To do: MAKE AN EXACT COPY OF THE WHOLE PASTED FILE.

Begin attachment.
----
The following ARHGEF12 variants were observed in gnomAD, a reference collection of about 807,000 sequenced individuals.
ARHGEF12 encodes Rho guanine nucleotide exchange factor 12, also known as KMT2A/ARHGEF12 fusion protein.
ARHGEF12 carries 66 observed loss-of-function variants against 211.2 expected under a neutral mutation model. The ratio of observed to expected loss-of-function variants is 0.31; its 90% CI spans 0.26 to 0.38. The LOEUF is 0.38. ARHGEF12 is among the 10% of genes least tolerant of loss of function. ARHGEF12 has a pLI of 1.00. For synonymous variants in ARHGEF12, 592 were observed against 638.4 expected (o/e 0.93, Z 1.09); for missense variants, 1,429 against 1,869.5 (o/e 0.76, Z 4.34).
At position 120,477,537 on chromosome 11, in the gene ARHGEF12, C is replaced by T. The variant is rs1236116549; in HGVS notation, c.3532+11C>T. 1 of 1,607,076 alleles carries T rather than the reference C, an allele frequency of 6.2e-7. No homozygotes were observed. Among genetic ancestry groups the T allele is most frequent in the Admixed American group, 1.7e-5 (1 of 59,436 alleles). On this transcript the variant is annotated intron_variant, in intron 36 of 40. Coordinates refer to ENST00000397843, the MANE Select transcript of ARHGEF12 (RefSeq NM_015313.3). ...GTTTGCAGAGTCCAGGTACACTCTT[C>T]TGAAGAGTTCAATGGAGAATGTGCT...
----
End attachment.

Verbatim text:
The following ARHGEF12 variants were observed in gnomAD, a reference collection of about 807,000 sequenced individuals.
ARHGEF12 encodes Rho guanine nucleotide exchange factor 12, also known as KMT2A/ARHGEF12 fusion protein.
ARHGEF12 carries 66 observed loss-of-function variants against 211.2 expected under a neutral mutation model. The ratio of observed to expected loss-of-function variants is 0.31; its 90% CI spans 0.26 to 0.38. The LOEUF is 0.38. ARHGEF12 is among the 10% of genes least tolerant of loss of function. ARHGEF12 has a pLI of 1.00. For synonymous variants in ARHGEF12, 592 were observed against 638.4 expected (o/e 0.93, Z 1.09); for missense variants, 1,429 against 1,869.5 (o/e 0.76, Z 4.34).
At position 120,477,537 on chromosome 11, in the gene ARHGEF12, C is replaced by T. The variant is rs1236116549; in HGVS notation, c.3532+11C>T. 1 of 1,607,076 alleles carries T rather than the reference C, an allele frequency of 6.2e-7. No homozygotes were observed. Among genetic ancestry groups the T allele is most frequent in the Admixed American group, 1.7e-5 (1 of 59,436 alleles). On this transcript the variant is annotated intron_variant, in intron 36 of 40. Coordinates refer to ENST00000397843, the MANE Select transcript of ARHGEF12 (RefSeq NM_015313.3). ...GTTTGCAGAGTCCAGGTACACTCTT[C>T]TGAAGAGTTCAATGGAGAATGTGCT...